A recently-completed project in Montreal marks the first use of ultraviolet cured-in-place pipe (UV CIPP) for watermain rehabilitation in Canada.
Saint Helen’s and Notre Dame islands in Montreal are well-noted recreational areas for Montreal residents, as well as the many visitors who come to the region. Given that it is a tourist destination location, any form of construction on or around the island is a thoroughly thought-out process.
When the two watermains providing potable water and fire protection to the two islands started showing signs of deterioration, the City of Montreal began looking at potential repair options. It knew going into the process that whatever the method selected, it needed to be minimally invasive to the activities going on aboveground.
As these are islands in the St. Lawrence River, the watermains connect to St. Helen’s Island via the Concorde Bridge. More precisely the twin watermains are inside steel caissons that extend the length of the bridge.
“The installation of insulated and heated drinking water pipes in the steel caissons of the Concorde Bridge is atypical,” says Marie-Pier Simard, ing., project manager construction projects. “The pipes were installed as part of Expo67 in 1966 and are part of the City of Montreal’s main drinking water system. The existing drinking water pipes are made of steel and concrete lining with welded joints.”
The pipes have an internal diameter of 425-mm and each span approximately 700 m across the river. Given that the pipes are over 50 years old and have been subjected to harsh conditions including the cold Montreal winters, breaks began to occur on the pipes. Spot repairs were made, but it was clear that a permanent fix was needed before a catastrophic failure occurred on either line.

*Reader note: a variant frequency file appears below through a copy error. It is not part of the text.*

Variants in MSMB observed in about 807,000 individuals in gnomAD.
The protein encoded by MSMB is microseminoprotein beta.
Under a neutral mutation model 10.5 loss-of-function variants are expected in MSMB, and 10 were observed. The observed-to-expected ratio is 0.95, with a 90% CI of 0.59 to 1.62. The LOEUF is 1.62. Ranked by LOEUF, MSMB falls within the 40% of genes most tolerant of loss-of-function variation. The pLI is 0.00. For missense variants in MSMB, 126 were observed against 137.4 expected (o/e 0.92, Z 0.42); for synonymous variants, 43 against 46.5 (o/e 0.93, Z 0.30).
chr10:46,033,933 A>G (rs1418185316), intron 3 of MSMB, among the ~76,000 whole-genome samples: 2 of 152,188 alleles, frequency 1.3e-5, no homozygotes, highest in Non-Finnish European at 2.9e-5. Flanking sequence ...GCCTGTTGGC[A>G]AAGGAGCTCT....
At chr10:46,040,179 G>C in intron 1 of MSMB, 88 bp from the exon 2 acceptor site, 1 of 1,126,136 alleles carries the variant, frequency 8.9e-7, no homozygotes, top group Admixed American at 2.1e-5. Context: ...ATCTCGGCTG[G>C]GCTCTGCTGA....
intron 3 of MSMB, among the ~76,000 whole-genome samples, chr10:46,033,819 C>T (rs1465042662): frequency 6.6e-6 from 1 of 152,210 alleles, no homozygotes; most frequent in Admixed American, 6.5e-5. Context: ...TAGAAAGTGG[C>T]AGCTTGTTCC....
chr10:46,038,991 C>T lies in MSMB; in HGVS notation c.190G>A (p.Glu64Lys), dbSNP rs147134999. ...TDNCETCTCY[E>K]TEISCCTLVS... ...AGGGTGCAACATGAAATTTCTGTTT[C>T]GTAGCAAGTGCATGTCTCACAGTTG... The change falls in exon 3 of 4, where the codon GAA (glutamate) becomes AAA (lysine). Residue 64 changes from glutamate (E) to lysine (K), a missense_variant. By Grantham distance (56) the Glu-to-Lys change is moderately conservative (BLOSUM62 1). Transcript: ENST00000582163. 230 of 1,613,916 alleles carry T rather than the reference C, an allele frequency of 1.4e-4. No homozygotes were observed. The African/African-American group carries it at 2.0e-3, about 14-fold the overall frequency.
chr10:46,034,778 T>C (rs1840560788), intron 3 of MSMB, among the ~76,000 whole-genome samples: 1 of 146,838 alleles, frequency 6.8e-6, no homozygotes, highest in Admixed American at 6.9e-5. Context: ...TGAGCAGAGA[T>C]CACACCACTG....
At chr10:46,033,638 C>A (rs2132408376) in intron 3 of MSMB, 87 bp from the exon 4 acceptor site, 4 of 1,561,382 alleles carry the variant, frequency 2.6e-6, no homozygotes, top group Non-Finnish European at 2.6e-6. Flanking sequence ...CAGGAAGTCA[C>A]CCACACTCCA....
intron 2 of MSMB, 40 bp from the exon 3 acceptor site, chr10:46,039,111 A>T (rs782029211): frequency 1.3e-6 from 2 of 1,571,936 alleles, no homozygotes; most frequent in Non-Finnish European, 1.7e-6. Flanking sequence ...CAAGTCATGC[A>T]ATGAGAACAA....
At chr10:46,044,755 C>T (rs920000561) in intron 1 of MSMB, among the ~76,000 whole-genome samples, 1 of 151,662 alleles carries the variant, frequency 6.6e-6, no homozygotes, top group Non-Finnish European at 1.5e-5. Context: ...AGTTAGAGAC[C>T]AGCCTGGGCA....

The city evaluated several options for the rehabilitation of the pipes. The structural repair needed to meet the fire protection needs of the sector, work within the constraints of the steel pipe and be able to be installed with limited access. And because these are potable water pipes, the rehab materials must meet Bureau de normalization du Québec (BNQ) certification. BNQ is a standardization organization for Quebec, and the products used on this project had to meet BNQ3660-950, “Safety of Products and Materials in Contact with Drinking Water.”
Selecting UV CIPP
Though not specifically tendered as an ultraviolet-cured project, Lévis, Québec-based Lafontaine Inc., inquired if the work could be completed using the UV CIPP method. The contractor won the project marking its first UV CIPP install for a watermain.
“We’ve done UV lining since 2015 and with our experience, we thought that this project would be easier with UV lining rather than felt lining because of the location of the pipes, length and diameter,” says Mathieu Asselin, ing., co-director, construction department, at Lafontaine. “The City of Montréal frequently uses trenchless technologies for sewer rehab, but it was the first time Montreal has used UV CIPP for a watermain.”
Both Asselin and Simard note that, not only was this installation a first for Montreal, but this is the first documented use of UV CIPP for a watermain in Canada.
Preparing for the Install
Before this challenging installation could get under way, Lafontaine had to make sure its crews were properly equipped to complete the project. This required close coordination with Saertex in Germany – where Saertex’s liners for pressure applications are manufactured.